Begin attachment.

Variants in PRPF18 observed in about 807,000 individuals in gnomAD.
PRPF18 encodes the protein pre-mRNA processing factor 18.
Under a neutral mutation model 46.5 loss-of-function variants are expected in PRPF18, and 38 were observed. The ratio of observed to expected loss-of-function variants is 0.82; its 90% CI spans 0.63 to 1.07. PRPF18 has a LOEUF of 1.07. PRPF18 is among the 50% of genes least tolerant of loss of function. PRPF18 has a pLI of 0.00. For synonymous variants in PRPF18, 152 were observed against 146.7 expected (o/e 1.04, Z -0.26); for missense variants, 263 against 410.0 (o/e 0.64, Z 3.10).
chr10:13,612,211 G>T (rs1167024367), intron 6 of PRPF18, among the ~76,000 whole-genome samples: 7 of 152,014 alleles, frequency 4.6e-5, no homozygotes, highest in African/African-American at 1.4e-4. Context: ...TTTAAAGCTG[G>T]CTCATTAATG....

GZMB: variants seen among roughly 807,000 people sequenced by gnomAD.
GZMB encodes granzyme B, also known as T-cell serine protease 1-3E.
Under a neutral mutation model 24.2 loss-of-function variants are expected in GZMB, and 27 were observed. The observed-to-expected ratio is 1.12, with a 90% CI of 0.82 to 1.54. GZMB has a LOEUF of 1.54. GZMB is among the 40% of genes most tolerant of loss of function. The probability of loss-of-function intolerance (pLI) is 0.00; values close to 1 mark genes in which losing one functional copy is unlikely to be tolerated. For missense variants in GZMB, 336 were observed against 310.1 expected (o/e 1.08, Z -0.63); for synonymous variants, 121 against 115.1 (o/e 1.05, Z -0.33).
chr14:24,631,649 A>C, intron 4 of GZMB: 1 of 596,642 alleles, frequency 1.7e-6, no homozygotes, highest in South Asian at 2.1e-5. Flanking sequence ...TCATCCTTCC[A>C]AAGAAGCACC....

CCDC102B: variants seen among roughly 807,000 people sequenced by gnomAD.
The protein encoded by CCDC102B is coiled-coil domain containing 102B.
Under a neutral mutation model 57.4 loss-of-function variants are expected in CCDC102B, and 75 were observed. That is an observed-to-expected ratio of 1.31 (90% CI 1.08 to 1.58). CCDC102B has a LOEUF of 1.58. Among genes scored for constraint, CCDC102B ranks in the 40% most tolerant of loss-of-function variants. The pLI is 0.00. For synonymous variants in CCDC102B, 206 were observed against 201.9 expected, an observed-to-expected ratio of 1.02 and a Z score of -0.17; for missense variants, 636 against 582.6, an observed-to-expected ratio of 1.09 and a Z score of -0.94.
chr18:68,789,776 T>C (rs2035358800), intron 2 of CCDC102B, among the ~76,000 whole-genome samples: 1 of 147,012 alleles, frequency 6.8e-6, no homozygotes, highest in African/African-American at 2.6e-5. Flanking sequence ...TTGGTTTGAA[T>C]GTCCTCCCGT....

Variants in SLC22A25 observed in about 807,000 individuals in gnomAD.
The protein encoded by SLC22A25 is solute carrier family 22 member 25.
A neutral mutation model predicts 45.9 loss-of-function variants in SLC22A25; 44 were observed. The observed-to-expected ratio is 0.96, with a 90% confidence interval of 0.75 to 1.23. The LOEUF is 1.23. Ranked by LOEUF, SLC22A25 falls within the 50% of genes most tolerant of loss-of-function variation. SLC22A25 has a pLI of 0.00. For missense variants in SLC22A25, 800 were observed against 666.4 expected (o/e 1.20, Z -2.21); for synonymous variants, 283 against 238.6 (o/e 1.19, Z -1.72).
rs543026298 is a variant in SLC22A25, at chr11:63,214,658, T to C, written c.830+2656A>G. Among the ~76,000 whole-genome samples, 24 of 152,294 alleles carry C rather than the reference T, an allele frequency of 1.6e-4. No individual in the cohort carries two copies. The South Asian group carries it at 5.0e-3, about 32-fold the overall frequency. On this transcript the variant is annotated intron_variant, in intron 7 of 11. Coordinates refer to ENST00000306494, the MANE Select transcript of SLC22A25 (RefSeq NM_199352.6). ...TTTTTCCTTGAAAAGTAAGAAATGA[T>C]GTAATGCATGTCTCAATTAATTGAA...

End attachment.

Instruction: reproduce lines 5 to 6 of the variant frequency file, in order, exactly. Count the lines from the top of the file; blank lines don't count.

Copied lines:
GZMB: variants seen among roughly 807,000 people sequenced by gnomAD.
GZMB encodes granzyme B, also known as T-cell serine protease 1-3E.